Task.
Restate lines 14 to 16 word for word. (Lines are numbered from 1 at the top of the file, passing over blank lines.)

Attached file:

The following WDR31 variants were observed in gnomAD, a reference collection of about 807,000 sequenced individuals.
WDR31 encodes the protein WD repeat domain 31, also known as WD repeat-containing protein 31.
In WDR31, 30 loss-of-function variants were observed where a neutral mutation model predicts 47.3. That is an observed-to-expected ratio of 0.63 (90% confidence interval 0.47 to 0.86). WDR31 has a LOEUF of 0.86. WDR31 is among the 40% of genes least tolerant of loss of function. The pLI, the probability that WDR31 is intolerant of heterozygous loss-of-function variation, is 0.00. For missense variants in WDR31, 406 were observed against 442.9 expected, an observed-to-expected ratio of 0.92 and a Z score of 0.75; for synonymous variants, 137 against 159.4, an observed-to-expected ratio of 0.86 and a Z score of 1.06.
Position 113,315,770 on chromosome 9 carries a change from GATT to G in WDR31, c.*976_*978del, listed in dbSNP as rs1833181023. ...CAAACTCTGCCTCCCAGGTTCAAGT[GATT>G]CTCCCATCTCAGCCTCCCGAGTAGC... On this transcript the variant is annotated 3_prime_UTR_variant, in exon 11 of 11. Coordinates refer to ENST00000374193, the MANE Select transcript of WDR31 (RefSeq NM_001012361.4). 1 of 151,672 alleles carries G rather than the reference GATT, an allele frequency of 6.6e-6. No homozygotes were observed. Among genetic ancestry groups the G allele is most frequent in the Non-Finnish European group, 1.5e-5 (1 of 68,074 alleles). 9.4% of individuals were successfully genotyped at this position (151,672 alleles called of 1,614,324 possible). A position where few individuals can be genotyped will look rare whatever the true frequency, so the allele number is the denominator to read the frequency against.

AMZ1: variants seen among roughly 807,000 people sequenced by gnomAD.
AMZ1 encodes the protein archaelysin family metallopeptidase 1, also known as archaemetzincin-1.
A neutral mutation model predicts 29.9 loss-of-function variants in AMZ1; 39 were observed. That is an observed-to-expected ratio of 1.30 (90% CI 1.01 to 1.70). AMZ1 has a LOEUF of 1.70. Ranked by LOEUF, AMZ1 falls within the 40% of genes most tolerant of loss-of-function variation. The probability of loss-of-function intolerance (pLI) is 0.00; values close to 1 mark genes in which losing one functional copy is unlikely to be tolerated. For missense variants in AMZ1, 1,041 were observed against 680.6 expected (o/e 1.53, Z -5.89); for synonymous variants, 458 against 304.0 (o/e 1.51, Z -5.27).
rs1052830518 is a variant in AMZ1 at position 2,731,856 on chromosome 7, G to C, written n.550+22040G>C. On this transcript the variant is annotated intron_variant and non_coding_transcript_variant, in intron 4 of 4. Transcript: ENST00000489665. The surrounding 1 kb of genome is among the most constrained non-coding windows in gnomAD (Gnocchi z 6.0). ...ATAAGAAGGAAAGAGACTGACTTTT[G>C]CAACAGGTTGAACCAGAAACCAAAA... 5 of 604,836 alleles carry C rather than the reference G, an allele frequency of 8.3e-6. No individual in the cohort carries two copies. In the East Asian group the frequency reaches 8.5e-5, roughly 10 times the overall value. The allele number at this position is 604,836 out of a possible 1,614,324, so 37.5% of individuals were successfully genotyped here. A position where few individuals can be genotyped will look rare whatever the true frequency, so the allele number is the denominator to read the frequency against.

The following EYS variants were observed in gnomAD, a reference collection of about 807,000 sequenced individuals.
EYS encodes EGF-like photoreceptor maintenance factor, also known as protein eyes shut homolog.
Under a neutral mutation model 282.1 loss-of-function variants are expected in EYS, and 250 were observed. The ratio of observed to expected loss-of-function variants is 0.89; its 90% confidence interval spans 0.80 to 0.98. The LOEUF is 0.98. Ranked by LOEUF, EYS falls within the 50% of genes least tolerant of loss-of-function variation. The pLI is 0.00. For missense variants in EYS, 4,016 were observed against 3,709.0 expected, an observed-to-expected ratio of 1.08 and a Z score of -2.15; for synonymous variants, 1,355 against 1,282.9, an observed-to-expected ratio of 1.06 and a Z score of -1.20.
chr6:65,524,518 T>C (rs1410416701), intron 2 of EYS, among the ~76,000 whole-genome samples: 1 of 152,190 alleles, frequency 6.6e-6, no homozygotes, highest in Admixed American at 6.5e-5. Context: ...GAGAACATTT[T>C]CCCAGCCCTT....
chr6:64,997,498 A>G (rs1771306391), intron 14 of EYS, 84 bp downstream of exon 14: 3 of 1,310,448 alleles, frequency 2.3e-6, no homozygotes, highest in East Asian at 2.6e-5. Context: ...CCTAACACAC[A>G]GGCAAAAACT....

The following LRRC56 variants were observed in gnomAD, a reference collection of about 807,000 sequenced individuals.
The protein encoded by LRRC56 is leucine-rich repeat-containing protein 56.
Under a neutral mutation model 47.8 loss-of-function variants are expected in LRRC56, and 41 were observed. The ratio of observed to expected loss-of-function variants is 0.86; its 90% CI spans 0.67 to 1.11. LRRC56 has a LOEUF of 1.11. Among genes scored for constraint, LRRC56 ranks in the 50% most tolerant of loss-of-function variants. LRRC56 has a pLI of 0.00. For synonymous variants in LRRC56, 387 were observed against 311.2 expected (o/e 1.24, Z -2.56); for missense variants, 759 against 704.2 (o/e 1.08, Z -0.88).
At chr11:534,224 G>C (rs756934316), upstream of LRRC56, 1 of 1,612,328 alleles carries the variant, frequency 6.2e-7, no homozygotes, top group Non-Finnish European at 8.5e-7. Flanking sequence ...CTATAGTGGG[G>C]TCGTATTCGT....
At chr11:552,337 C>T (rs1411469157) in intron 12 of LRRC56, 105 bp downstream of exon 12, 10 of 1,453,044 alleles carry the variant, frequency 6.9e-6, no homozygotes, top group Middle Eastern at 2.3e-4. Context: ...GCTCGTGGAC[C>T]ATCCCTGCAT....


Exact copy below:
The following LRRC56 variants were observed in gnomAD, a reference collection of about 807,000 sequenced individuals.
The protein encoded by LRRC56 is leucine-rich repeat-containing protein 56.
Under a neutral mutation model 47.8 loss-of-function variants are expected in LRRC56, and 41 were observed. The ratio of observed to expected loss-of-function variants is 0.86; its 90% CI spans 0.67 to 1.11. LRRC56 has a LOEUF of 1.11. Among genes scored for constraint, LRRC56 ranks in the 50% most tolerant of loss-of-function variants. LRRC56 has a pLI of 0.00. For synonymous variants in LRRC56, 387 were observed against 311.2 expected (o/e 1.24, Z -2.56); for missense variants, 759 against 704.2 (o/e 1.08, Z -0.88).